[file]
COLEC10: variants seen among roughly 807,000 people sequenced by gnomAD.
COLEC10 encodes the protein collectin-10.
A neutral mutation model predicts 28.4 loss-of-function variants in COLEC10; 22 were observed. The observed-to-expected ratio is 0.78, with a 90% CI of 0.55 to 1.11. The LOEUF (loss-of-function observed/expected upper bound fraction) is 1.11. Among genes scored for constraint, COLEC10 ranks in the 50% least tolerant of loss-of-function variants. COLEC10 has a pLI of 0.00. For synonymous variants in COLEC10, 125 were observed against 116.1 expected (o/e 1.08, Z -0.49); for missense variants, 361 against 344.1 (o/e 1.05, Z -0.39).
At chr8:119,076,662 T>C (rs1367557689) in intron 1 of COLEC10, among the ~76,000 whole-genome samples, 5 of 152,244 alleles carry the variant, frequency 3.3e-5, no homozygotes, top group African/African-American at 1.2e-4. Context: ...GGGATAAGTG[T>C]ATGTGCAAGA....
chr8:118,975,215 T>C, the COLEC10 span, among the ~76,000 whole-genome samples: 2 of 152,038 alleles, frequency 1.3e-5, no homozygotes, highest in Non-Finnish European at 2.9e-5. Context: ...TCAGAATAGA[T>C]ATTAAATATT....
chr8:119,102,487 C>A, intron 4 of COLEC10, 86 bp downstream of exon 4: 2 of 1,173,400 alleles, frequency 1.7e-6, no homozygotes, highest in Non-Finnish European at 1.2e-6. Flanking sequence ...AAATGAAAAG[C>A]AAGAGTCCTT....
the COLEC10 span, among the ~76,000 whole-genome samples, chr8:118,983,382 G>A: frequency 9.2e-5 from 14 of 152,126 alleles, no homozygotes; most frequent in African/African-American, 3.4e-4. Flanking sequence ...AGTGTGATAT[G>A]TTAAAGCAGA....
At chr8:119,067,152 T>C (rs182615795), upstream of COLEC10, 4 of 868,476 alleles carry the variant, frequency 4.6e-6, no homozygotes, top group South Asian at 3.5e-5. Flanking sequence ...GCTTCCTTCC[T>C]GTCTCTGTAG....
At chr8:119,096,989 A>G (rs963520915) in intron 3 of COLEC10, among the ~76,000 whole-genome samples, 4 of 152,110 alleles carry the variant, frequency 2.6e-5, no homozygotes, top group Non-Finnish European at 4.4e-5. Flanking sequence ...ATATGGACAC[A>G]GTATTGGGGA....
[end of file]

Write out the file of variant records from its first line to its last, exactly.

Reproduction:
COLEC10: variants seen among roughly 807,000 people sequenced by gnomAD.
COLEC10 encodes the protein collectin-10.
A neutral mutation model predicts 28.4 loss-of-function variants in COLEC10; 22 were observed. The observed-to-expected ratio is 0.78, with a 90% CI of 0.55 to 1.11. The LOEUF (loss-of-function observed/expected upper bound fraction) is 1.11. Among genes scored for constraint, COLEC10 ranks in the 50% least tolerant of loss-of-function variants. COLEC10 has a pLI of 0.00. For synonymous variants in COLEC10, 125 were observed against 116.1 expected (o/e 1.08, Z -0.49); for missense variants, 361 against 344.1 (o/e 1.05, Z -0.39).
At chr8:119,076,662 T>C (rs1367557689) in intron 1 of COLEC10, among the ~76,000 whole-genome samples, 5 of 152,244 alleles carry the variant, frequency 3.3e-5, no homozygotes, top group African/African-American at 1.2e-4. Context: ...GGGATAAGTG[T>C]ATGTGCAAGA....
chr8:118,975,215 T>C, the COLEC10 span, among the ~76,000 whole-genome samples: 2 of 152,038 alleles, frequency 1.3e-5, no homozygotes, highest in Non-Finnish European at 2.9e-5. Context: ...TCAGAATAGA[T>C]ATTAAATATT....
chr8:119,102,487 C>A, intron 4 of COLEC10, 86 bp downstream of exon 4: 2 of 1,173,400 alleles, frequency 1.7e-6, no homozygotes, highest in Non-Finnish European at 1.2e-6. Flanking sequence ...AAATGAAAAG[C>A]AAGAGTCCTT....
the COLEC10 span, among the ~76,000 whole-genome samples, chr8:118,983,382 G>A: frequency 9.2e-5 from 14 of 152,126 alleles, no homozygotes; most frequent in African/African-American, 3.4e-4. Flanking sequence ...AGTGTGATAT[G>A]TTAAAGCAGA....
At chr8:119,067,152 T>C (rs182615795), upstream of COLEC10, 4 of 868,476 alleles carry the variant, frequency 4.6e-6, no homozygotes, top group South Asian at 3.5e-5. Flanking sequence ...GCTTCCTTCC[T>C]GTCTCTGTAG....
At chr8:119,096,989 A>G (rs963520915) in intron 3 of COLEC10, among the ~76,000 whole-genome samples, 4 of 152,110 alleles carry the variant, frequency 2.6e-5, no homozygotes, top group Non-Finnish European at 4.4e-5. Flanking sequence ...ATATGGACAC[A>G]GTATTGGGGA....